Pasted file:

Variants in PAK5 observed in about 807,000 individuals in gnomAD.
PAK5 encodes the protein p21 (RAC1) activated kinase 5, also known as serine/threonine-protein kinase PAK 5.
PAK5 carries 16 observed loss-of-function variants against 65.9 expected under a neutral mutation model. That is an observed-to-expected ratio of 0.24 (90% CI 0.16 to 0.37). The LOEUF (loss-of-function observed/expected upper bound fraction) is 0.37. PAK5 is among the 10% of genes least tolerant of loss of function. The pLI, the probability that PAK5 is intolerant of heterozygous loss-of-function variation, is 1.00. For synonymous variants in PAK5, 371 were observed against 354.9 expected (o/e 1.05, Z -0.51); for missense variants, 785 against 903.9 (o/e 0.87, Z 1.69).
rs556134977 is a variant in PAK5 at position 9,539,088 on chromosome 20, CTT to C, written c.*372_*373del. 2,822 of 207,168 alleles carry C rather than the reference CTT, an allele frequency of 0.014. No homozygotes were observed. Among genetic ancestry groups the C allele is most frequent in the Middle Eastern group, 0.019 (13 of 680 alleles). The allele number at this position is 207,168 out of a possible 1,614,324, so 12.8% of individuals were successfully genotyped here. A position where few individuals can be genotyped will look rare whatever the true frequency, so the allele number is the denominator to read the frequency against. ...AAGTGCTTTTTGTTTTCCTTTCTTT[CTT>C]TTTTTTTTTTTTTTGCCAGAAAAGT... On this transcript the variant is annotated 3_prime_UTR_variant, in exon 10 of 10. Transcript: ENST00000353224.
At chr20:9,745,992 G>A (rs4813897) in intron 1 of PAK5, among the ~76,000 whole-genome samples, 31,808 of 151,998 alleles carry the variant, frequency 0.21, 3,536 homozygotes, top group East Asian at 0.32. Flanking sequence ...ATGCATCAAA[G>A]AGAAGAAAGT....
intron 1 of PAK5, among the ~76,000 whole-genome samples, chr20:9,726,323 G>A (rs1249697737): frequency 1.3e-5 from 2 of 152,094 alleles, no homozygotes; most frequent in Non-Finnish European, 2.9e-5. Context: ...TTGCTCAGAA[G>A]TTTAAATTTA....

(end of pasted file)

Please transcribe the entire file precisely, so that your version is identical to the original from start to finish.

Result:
Variants in PAK5 observed in about 807,000 individuals in gnomAD.
PAK5 encodes the protein p21 (RAC1) activated kinase 5, also known as serine/threonine-protein kinase PAK 5.
PAK5 carries 16 observed loss-of-function variants against 65.9 expected under a neutral mutation model. That is an observed-to-expected ratio of 0.24 (90% CI 0.16 to 0.37). The LOEUF (loss-of-function observed/expected upper bound fraction) is 0.37. PAK5 is among the 10% of genes least tolerant of loss of function. The pLI, the probability that PAK5 is intolerant of heterozygous loss-of-function variation, is 1.00. For synonymous variants in PAK5, 371 were observed against 354.9 expected (o/e 1.05, Z -0.51); for missense variants, 785 against 903.9 (o/e 0.87, Z 1.69).
rs556134977 is a variant in PAK5 at position 9,539,088 on chromosome 20, CTT to C, written c.*372_*373del. 2,822 of 207,168 alleles carry C rather than the reference CTT, an allele frequency of 0.014. No homozygotes were observed. Among genetic ancestry groups the C allele is most frequent in the Middle Eastern group, 0.019 (13 of 680 alleles). The allele number at this position is 207,168 out of a possible 1,614,324, so 12.8% of individuals were successfully genotyped here. A position where few individuals can be genotyped will look rare whatever the true frequency, so the allele number is the denominator to read the frequency against. ...AAGTGCTTTTTGTTTTCCTTTCTTT[CTT>C]TTTTTTTTTTTTTTGCCAGAAAAGT... On this transcript the variant is annotated 3_prime_UTR_variant, in exon 10 of 10. Transcript: ENST00000353224.
At chr20:9,745,992 G>A (rs4813897) in intron 1 of PAK5, among the ~76,000 whole-genome samples, 31,808 of 151,998 alleles carry the variant, frequency 0.21, 3,536 homozygotes, top group East Asian at 0.32. Flanking sequence ...ATGCATCAAA[G>A]AGAAGAAAGT....
intron 1 of PAK5, among the ~76,000 whole-genome samples, chr20:9,726,323 G>A (rs1249697737): frequency 1.3e-5 from 2 of 152,094 alleles, no homozygotes; most frequent in Non-Finnish European, 2.9e-5. Context: ...TTGCTCAGAA[G>A]TTTAAATTTA....